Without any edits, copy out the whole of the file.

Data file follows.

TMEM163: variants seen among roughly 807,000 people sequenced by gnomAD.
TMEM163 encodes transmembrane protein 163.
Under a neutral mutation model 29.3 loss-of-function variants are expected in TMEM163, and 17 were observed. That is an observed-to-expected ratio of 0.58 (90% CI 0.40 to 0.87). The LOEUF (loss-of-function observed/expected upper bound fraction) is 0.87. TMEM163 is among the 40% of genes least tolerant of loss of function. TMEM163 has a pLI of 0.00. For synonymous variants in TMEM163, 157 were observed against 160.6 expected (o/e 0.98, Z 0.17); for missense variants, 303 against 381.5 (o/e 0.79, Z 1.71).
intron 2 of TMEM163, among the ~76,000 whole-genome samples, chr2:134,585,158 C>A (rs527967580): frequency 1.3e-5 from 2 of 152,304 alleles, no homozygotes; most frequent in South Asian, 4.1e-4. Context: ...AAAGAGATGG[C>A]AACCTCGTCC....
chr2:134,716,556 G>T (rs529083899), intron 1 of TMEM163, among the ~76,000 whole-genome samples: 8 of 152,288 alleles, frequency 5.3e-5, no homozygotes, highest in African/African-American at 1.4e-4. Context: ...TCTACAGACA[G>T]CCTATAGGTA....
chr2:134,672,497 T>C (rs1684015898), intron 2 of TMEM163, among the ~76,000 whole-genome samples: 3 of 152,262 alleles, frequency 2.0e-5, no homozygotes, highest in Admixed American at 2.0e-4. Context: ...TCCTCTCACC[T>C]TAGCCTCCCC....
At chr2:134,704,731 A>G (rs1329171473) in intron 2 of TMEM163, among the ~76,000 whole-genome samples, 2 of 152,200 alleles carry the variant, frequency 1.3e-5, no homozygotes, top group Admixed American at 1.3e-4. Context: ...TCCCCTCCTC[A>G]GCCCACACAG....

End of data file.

TMEM163: variants seen among roughly 807,000 people sequenced by gnomAD.
TMEM163 encodes transmembrane protein 163.
Under a neutral mutation model 29.3 loss-of-function variants are expected in TMEM163, and 17 were observed. That is an observed-to-expected ratio of 0.58 (90% CI 0.40 to 0.87). The LOEUF (loss-of-function observed/expected upper bound fraction) is 0.87. TMEM163 is among the 40% of genes least tolerant of loss of function. TMEM163 has a pLI of 0.00. For synonymous variants in TMEM163, 157 were observed against 160.6 expected (o/e 0.98, Z 0.17); for missense variants, 303 against 381.5 (o/e 0.79, Z 1.71).
intron 2 of TMEM163, among the ~76,000 whole-genome samples, chr2:134,585,158 C>A (rs527967580): frequency 1.3e-5 from 2 of 152,304 alleles, no homozygotes; most frequent in South Asian, 4.1e-4. Context: ...AAAGAGATGG[C>A]AACCTCGTCC....
chr2:134,716,556 G>T (rs529083899), intron 1 of TMEM163, among the ~76,000 whole-genome samples: 8 of 152,288 alleles, frequency 5.3e-5, no homozygotes, highest in African/African-American at 1.4e-4. Context: ...TCTACAGACA[G>T]CCTATAGGTA....
chr2:134,672,497 T>C (rs1684015898), intron 2 of TMEM163, among the ~76,000 whole-genome samples: 3 of 152,262 alleles, frequency 2.0e-5, no homozygotes, highest in Admixed American at 2.0e-4. Context: ...TCCTCTCACC[T>C]TAGCCTCCCC....
At chr2:134,704,731 A>G (rs1329171473) in intron 2 of TMEM163, among the ~76,000 whole-genome samples, 2 of 152,200 alleles carry the variant, frequency 1.3e-5, no homozygotes, top group Admixed American at 1.3e-4. Context: ...TCCCCTCCTC[A>G]GCCCACACAG....